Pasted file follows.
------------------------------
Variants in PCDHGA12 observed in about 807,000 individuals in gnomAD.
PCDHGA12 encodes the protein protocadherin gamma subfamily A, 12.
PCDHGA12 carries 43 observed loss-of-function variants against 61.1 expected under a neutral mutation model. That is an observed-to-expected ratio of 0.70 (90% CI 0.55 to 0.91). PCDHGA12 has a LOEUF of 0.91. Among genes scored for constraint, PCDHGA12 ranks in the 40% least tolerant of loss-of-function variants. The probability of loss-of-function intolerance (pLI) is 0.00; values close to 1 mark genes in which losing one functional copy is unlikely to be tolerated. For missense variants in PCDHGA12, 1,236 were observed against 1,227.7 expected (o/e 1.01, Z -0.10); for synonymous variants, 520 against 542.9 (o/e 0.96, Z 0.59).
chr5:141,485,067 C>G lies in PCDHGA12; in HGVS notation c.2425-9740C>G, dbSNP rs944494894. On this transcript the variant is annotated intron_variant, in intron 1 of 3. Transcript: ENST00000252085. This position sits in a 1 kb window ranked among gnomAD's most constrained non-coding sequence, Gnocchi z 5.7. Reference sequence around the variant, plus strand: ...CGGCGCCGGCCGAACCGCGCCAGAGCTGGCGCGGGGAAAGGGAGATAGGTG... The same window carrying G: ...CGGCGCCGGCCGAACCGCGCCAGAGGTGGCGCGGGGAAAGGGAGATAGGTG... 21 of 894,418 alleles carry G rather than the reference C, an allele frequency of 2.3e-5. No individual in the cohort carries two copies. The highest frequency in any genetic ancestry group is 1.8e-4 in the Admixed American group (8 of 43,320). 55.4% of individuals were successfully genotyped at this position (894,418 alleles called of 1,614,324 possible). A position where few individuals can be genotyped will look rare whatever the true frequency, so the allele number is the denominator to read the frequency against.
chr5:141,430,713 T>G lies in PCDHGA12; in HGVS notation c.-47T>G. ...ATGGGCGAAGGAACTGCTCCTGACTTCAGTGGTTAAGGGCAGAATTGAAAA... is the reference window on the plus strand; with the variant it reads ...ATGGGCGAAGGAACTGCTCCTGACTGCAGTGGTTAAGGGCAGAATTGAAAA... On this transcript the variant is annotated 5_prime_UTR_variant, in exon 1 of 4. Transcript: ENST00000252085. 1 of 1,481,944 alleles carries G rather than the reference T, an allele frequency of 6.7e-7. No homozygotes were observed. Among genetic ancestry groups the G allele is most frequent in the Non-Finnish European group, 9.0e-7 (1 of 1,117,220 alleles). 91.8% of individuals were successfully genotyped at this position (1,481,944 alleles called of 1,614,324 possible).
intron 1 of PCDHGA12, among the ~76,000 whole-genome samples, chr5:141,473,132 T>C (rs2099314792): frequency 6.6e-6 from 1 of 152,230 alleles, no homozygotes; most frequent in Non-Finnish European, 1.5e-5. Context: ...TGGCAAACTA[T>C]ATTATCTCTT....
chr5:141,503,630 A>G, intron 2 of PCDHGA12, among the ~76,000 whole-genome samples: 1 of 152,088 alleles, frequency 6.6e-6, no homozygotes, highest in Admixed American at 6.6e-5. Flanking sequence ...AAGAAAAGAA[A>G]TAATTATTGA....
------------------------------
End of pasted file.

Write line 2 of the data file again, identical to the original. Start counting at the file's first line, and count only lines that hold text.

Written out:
PCDHGA12 encodes the protein protocadherin gamma subfamily A, 12.